Seit einigen Wochen ist er bestellbar, der batterie-elektrische Corsa-e inklusive der maßgeschneiderten Ladeoptionen wie der Opel-Wallbox. Welche Rolle die Ladezeit für E-Autos spielt, erklärt der Marketing-Manager Frank Leibold.

“Electric Cars Save Time”

Mr. Leibold, when you compare putting gas into a conventional combustion engine car to charging an electric car, the latter takes significantly more time. Are customers willing to spend the extra time?
Frank Leibold: Quite the opposite is true. Electric cars like the Corsa-e save time. It is like a dishwasher.


What do you mean by that?
Washing dishes by hand is much faster than using a dishwasher. My dishwasher takes two hours or more. But I don’t know the exact time, because it doesn’t matter to me. I turn the dishwasher on and focus on something else. This is why the sales pitch for dishwashers almost never includes the time a washing cycle takes. It is simply irrelevant to most users.

Classic refueling is like rinsing by hand: you have to invest time actively.




How does this apply to electromobility?
It means that we will move on from what we are used to with combustion engines and shift our perspective. With combustion engines you have to drive to the gas station, maybe wait in line, and sit in the car while the tank is being filled up. Charging the Corsa-e is incidental, and my time is freed up for more important tasks. I can work, go shopping, or simply go to bed and charge overnight. With regular use, most customers will spend little to no time at gas stations or charging stations, nor will they need to drive there.


Charging electric cars is similar to a dishwasher: It happens incidentally – and you even save time. 

To benefit from these advantages, it is important for the vehicle to meet the necessary prerequisites. What does the Corsa-e offer?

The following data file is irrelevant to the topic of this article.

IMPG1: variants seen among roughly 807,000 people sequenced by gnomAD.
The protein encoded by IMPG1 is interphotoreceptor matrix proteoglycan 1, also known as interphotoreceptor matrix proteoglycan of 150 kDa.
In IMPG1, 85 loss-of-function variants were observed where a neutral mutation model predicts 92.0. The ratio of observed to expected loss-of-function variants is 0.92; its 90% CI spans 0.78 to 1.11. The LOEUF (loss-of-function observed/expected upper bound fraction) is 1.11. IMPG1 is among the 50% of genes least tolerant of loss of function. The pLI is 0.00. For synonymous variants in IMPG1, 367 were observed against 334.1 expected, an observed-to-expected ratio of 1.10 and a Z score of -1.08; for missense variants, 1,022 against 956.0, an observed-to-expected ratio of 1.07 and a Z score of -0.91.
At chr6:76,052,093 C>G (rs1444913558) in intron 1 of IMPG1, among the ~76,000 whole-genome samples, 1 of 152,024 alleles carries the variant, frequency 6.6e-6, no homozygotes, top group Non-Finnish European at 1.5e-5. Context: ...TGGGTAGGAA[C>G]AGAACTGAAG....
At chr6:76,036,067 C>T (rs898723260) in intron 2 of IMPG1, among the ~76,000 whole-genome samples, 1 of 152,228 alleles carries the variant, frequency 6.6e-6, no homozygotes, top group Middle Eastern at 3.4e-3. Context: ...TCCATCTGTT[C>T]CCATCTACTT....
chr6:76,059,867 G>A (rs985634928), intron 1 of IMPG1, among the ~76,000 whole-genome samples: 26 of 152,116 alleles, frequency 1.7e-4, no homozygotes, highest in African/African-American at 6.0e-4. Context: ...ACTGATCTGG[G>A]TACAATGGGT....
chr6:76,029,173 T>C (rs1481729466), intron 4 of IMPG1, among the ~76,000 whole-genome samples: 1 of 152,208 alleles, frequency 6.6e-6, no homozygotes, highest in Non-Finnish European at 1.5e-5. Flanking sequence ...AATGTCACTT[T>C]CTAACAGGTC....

We assumed that the vehicle can be fully charged overnight or during a regular work day. At home or at a public charging station. With our 11 kW onboard charger combined with a wallbox and at public charging locations, the charging time is much less than six hours. This clearly puts the Corsa-e in the green.


What if you need to recharge quickly on longer trips?
The dishwasher metaphor applies again: Dishwashers have a quick-cleaning function that I use about twice a year when I have a lot of guests over and need to wash dishes in-between. That is when I use the quick program. The Corsa-e is equipped with a standard quick charge connector for the rare occasion of a long trip and empty battery. Even charging stations with up to 100 kW can be used. It takes only around 30 minutes to charge for 260 kilometers. That’s how long my dishwasher’s quick-cleaning function takes.


But if I don’t have to wait in line at a conventional gas station, filling the tank takes just a few minutes …
Admittedly: The total time requirement is still higher compared to combustion engines. But even then, Corsa-e drivers can take a short break and relax instead of standing next to the car. I am convinced that, over a lifetime, EV drivers will spend less time waiting to charge their cars compared to drivers of combustion engine vehicles, because in well over 90 percent of all cases the vehicle is charged at home or at work. All in all, this means a gain in freedom and quality of life.


Read in part 1 of the interview, why the debate about the maximum reach too short and why different charging options will determine everyday life.

July 2019

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Text: Christian Oestreich, Photos: Katrin Denkewitz